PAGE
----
The process was relatively simple and inexpensive. As I mentioned in the last post, switching over to wind power for our electricity costs us an additional $10 a month, and it required a phone call to our electricity provider. To figure out our complete carbon footprint we needed to look at other activities and services that generate carbon dioxide. Here’s what we found and how we calculated our carbon dioxide emissions.
- Electricity (the remaining 10% from fossil fuels): 1,452 lbs of carbon. (Calculated from the Voluntary Reporting of Greenhouse Gases Program)
- Travel to work: 12,900 lbs of carbon. 5 employees 70 miles total each day, 240 working days, 16,590 miles (Calculated from An Inconvenient Truth > Carbon Calculator)
- Air Flights: 14,500 lbs of carbon. 16 medium, 5 long, and 2 extended flights (Calculated from An Inconvenient Truth > Carbon Calculator)
- Natural Gas: 3,200 lbs of carbon (Calculated from the Carbon Footprint, had to convert English pounds to US dollars)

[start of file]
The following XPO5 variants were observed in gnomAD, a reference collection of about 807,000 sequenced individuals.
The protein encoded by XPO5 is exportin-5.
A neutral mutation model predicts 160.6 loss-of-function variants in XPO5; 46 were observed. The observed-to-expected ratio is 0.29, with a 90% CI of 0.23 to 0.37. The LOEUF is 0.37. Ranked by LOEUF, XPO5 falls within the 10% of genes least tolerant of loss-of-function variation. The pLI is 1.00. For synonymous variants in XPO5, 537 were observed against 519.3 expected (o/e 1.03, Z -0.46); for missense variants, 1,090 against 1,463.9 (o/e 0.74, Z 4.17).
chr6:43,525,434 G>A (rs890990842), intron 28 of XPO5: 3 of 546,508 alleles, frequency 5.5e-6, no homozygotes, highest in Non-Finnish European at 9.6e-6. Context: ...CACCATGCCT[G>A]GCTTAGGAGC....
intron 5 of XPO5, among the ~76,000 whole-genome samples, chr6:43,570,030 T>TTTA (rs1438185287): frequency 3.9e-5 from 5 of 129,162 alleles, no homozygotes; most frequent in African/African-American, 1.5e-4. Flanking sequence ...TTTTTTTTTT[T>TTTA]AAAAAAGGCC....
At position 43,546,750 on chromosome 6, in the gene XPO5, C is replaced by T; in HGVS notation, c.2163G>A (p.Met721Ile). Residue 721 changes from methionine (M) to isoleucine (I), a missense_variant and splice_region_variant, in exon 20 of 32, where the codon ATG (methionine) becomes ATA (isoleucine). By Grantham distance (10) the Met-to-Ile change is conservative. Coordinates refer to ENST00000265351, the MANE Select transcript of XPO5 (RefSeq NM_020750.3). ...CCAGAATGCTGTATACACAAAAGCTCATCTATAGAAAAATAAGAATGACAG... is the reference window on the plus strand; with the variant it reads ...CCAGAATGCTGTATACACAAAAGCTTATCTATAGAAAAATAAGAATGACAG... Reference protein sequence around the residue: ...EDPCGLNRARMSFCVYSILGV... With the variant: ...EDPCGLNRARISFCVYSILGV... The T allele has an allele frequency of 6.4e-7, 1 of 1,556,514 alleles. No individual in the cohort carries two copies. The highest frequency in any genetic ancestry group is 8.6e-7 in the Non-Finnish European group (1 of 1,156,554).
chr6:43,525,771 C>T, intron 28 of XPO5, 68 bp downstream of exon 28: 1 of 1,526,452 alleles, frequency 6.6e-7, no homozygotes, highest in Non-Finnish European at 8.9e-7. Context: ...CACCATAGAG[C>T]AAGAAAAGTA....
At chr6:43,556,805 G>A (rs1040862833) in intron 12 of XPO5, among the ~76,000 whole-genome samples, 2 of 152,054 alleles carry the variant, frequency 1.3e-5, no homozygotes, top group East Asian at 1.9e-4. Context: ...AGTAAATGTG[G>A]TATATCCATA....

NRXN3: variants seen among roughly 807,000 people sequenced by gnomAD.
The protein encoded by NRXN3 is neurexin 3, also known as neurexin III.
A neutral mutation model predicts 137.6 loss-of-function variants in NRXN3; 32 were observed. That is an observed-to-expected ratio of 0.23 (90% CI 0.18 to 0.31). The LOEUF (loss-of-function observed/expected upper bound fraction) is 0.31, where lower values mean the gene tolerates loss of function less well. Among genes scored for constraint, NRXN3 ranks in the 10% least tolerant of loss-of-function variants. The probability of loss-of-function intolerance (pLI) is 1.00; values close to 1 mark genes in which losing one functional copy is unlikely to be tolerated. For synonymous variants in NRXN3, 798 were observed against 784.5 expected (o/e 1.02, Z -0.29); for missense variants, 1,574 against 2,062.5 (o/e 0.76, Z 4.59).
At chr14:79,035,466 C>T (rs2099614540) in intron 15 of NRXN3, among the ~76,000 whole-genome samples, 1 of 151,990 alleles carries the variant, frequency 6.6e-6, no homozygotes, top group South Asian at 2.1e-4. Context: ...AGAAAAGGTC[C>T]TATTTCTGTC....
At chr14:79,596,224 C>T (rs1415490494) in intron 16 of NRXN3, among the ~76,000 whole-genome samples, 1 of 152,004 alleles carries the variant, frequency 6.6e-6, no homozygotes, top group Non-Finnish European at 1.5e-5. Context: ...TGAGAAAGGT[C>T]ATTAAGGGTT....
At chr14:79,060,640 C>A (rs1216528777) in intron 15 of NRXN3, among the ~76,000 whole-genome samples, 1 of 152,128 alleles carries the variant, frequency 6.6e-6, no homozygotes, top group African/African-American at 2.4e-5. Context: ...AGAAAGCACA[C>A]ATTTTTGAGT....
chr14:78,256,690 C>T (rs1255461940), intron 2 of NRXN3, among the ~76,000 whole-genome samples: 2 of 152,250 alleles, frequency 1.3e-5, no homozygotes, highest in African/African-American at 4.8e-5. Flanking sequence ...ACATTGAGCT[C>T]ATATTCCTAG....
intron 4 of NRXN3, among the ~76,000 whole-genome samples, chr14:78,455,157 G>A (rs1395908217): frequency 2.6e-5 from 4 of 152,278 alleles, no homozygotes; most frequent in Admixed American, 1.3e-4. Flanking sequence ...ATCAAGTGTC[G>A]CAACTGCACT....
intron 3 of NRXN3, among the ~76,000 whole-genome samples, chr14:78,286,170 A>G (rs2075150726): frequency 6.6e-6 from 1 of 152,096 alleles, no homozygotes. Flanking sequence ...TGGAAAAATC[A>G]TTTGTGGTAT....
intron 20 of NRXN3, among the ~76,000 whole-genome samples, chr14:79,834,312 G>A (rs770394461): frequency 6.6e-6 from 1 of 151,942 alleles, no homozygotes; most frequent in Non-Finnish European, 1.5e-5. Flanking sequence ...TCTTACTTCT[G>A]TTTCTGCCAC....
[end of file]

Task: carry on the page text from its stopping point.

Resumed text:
The total amount of carbon that we needed to off-set was 32,052 pounds. We planted 4 trees around the studio which reduced the number by 52 (13lbs each, calculated from figures found on the Colorado Trees website) leaving us with 32,000 lbs of carbon.
Today we purchased, 16 one-Ton “EarthCooler” Blocks from NativeEnergy, a Native American majority-owned company which helps build “Native American, farmer-owned, and charitable purpose renewable energy projects that create social, economic, and environmental benefits.” NativeEnergy helped make Syriana the first major motion picture to be “climate neutral.”
The cost to off-set the carbon we produce was $12 per ton for a total of $192.00 for our 16 tons of carbon dioxide. Our total cost per-year to be carbon-neutral is about $320 a year, less than $1 day to do our part to reduce global warming.
Update: Check out of new page on becoming climate neutral.